Oh completely. An iPod, or even having the radio on in the house, or if you’re going for a drive and you have a CD in, you’re just not going to really create during that time. Which sometimes is good because you have to absorb too. Joe Strummer said that — you have to have input to have output.

Can you describe the creative process you use when you’re working on a sitcom script? Is there anything in particular that you do to stay focused and get your work done?

Yeah, well, we have deadlines.

[laughter] That’s pretty straightforward — have deadlines and hit them.

Yeah. You know, I have a writing partner. A lot of times, we come up with the raw ideas for the story and then go meet at a coffee shop to work them out and distill them down to what we want to do. One of us will have an idea for a show, and then we’ll try to see if we can expand it into a pitch. And we’ll get together and flesh that out day by day. We meet for a couple of hours about three times a week.

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Category: Stage/Screen, Writing

An Interview with Maggie Nelson

Author and teacher Maggie Nelson talks about why research is "like throwing crap in a cauldron" (in a good way), and how she handles those tricky times in between.

Maggie NelsonCan you describe your creative process?

I have few to no patterns, and even less dogma about how to write, or how I write. Poetry tends to come to me naturally or not at all. I spent years trying out different exercises and forms like most everyone, but the truth is that I don’t do that anymore. It may sound mystical or retro or simply depressing, but I increasingly feel myself to be a hostage to poetic impulse. I usually have to wait until a poem comes along, or until I see what’s there to be written, as Robert Creeley once put it. For me a poem often begins as a constellation of words coursing through my head like little electric shocks. This often happens when I’m in great pain or pleasure, doing laps in a pool, or in the bardo between sleeping and waking. I don’t know why. The words feel like irritants in the soft lap of an oyster, as Henry James had it. Then the pearl — if one could call it that with a straight face — starts to congeal around the irritant. A snowball in the muck.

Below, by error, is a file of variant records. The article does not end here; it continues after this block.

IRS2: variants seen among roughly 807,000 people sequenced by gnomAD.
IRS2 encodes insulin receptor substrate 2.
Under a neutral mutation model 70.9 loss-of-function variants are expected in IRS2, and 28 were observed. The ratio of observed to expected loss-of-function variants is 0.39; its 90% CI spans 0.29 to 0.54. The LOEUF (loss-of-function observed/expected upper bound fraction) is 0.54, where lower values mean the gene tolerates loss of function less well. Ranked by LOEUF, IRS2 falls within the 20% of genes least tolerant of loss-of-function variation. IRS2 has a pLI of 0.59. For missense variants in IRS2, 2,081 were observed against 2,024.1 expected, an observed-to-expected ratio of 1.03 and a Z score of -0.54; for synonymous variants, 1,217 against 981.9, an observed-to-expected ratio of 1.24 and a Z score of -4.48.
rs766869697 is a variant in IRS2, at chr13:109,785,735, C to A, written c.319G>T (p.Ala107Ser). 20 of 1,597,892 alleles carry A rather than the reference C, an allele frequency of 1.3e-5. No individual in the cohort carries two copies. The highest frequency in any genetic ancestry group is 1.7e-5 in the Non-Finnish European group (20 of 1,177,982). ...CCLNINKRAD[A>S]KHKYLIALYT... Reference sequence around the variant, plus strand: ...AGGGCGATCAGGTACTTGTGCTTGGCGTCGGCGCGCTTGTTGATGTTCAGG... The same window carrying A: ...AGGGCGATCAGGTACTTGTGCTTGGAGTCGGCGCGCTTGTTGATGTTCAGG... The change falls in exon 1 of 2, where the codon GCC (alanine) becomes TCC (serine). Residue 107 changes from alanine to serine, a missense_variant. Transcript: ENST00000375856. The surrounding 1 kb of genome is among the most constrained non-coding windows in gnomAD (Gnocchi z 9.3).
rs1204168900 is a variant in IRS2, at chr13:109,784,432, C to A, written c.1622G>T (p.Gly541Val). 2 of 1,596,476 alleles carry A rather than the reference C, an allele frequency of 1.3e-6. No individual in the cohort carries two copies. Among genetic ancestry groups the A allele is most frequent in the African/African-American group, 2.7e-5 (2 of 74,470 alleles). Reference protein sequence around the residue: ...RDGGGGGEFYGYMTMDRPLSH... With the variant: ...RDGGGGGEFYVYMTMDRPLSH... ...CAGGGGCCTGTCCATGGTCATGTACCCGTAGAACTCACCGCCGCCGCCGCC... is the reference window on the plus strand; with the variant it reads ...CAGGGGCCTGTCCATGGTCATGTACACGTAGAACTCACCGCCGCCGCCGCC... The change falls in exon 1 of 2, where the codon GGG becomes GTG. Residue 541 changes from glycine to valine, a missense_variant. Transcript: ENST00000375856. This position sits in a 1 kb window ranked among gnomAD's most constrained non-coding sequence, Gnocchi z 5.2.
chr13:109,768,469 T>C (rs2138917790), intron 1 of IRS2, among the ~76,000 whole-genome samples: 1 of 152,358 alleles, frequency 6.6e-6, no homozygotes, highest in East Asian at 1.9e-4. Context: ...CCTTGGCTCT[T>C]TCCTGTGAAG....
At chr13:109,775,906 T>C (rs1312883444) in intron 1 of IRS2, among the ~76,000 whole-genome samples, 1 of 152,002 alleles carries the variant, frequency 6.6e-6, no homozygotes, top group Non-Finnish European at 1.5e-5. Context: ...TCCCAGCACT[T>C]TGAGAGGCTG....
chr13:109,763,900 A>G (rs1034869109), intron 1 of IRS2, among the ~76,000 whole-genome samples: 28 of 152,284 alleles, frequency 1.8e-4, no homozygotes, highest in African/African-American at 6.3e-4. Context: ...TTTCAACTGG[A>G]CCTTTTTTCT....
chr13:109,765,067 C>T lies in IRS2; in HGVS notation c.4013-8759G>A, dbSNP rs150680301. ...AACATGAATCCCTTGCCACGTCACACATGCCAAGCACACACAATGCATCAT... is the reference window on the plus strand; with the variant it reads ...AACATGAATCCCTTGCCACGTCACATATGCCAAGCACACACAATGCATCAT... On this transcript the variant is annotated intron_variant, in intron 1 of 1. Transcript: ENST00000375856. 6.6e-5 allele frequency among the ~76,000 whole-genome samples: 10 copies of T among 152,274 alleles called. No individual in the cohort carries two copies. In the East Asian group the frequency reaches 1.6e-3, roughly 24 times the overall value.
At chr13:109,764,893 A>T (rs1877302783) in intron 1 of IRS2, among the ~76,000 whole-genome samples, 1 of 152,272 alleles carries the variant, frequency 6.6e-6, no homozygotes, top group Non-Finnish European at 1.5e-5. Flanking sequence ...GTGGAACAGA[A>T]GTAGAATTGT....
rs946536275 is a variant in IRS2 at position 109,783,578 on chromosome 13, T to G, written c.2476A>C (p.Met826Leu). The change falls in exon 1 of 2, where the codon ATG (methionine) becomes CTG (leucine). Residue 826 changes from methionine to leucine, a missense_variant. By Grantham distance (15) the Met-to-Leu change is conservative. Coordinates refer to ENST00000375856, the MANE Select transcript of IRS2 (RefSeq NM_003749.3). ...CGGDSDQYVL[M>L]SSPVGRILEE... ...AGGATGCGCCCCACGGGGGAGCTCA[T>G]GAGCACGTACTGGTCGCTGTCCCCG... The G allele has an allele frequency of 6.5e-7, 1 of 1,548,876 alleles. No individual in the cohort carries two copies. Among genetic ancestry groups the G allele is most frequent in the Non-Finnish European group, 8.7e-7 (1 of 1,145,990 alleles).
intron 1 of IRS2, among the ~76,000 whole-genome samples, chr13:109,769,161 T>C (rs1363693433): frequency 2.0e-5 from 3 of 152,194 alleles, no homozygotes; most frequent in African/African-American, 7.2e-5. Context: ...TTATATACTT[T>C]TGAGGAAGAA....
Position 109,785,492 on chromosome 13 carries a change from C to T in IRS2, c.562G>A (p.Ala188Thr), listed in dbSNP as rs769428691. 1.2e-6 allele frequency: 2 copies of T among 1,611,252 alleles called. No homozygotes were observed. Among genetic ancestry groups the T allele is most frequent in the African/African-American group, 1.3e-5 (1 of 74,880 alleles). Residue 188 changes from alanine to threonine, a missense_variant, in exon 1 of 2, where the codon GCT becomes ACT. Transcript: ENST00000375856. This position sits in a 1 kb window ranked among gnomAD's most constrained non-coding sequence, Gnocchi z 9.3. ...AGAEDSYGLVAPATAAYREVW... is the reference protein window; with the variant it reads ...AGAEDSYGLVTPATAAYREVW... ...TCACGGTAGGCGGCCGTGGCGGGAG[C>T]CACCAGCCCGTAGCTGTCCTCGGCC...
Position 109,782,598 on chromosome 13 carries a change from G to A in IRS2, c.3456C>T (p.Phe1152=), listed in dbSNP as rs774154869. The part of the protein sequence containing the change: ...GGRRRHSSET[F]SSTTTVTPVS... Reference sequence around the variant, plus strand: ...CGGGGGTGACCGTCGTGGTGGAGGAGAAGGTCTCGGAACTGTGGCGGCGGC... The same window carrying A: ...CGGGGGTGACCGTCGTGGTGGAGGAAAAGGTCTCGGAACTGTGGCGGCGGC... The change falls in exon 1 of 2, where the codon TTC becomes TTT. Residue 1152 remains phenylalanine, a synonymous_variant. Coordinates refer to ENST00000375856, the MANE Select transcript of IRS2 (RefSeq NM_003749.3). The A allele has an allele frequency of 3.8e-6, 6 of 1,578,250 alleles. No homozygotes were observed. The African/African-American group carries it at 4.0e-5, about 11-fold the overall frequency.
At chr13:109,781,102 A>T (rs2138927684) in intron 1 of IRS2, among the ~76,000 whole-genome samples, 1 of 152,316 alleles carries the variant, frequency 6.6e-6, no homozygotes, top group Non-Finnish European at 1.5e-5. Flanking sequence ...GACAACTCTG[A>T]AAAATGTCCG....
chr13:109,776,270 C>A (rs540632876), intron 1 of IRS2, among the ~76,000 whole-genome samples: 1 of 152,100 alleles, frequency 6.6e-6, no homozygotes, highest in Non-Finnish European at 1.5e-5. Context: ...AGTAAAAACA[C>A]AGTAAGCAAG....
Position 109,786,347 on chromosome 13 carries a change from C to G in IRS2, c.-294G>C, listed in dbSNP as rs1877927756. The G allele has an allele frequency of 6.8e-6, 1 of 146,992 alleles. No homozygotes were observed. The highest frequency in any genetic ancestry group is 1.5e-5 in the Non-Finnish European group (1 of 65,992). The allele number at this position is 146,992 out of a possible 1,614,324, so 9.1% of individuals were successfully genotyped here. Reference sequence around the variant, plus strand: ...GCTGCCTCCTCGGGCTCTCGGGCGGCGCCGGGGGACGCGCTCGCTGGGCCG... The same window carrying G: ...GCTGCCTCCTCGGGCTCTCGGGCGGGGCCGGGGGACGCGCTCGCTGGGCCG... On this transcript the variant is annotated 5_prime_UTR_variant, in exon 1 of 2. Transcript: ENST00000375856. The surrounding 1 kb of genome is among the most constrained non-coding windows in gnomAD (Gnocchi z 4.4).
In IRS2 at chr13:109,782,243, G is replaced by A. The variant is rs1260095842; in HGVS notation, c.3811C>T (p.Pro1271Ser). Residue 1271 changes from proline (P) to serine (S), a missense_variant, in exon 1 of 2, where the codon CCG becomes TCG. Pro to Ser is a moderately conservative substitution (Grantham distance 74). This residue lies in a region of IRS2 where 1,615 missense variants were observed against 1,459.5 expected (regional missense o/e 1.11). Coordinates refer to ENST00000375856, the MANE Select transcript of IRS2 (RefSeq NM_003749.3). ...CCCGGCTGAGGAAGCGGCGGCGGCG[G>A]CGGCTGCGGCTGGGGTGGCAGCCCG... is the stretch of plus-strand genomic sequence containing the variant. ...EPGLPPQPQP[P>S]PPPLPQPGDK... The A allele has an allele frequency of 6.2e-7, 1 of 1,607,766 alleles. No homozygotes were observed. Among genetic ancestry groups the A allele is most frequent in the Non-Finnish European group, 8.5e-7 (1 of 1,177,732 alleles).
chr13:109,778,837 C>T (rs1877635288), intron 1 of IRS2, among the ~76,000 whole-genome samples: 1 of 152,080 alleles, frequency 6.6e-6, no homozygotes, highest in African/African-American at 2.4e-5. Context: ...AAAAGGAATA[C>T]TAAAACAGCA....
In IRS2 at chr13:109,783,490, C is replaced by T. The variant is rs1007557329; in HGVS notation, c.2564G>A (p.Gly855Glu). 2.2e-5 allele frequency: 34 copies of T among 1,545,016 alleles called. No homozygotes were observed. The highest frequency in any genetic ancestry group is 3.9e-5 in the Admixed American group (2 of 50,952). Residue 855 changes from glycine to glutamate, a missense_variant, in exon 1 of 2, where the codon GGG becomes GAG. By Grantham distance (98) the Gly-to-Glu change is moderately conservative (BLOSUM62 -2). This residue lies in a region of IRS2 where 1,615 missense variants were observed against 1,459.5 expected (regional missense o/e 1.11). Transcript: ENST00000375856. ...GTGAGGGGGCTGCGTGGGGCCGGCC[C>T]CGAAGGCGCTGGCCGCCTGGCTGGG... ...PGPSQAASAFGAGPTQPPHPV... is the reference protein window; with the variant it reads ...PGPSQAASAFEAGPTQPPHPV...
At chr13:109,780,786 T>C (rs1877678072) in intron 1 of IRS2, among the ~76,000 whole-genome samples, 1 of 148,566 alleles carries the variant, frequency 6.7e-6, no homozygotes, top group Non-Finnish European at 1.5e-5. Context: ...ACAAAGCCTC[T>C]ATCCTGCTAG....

As for non-poetry projects, that’s a different story. Usually I do a lot of reading or research until something takes possession of me. I think of research like throwing lots of crap in a cauldron — bones, feathers, blood, everything — and turning up the heat: eventually it has to come to a boil. (Whether you make something edible is a different question.) Or, let me put it this way: Often a baby in a subway station will scream back at a loud train hurtling through. If you send a train of information hurtling through your brain often and fast enough, and if the train screeches loudly enough, you may eventually find yourself yelling back.

Are there any techniques that you use to spark new poems or gather up ideas?

I don’t use any techniques per se…but I take a lot of notes, wandering around in the world. I used to keep diaries, then legal pads; now I don’t know what I keep. Scraps, I guess. I tend to write a poetry based on fact and feeling, or the fact of feeling, or the feeling of fact, etc., which mostly means I write down “facts” — observed things that interest me in the world — and, alongside, my feelings (loosely defined). Painter Joan Mitchell once described her gargantuan abstract paintings as “remembered landscapes which involve my feelings”; I think of my poems similarly, though I usually try to write from within the landscape rather than from my memory of it — to avoid nostalgia, or bad faith. Two sections of my next book of poems, Something Bright, Then Holes, bear this out literally: The first section, “The Canal Diaries,” was written in a single notebook at the shore of the Gowanus Canal in Brooklyn; the second, “The Hospital for Special Care,” was written at a friend’s bedside in a hospital by that name. I like site-specific projects. Maybe because if I plunk myself down in a place with a pen, I rarely find myself bored.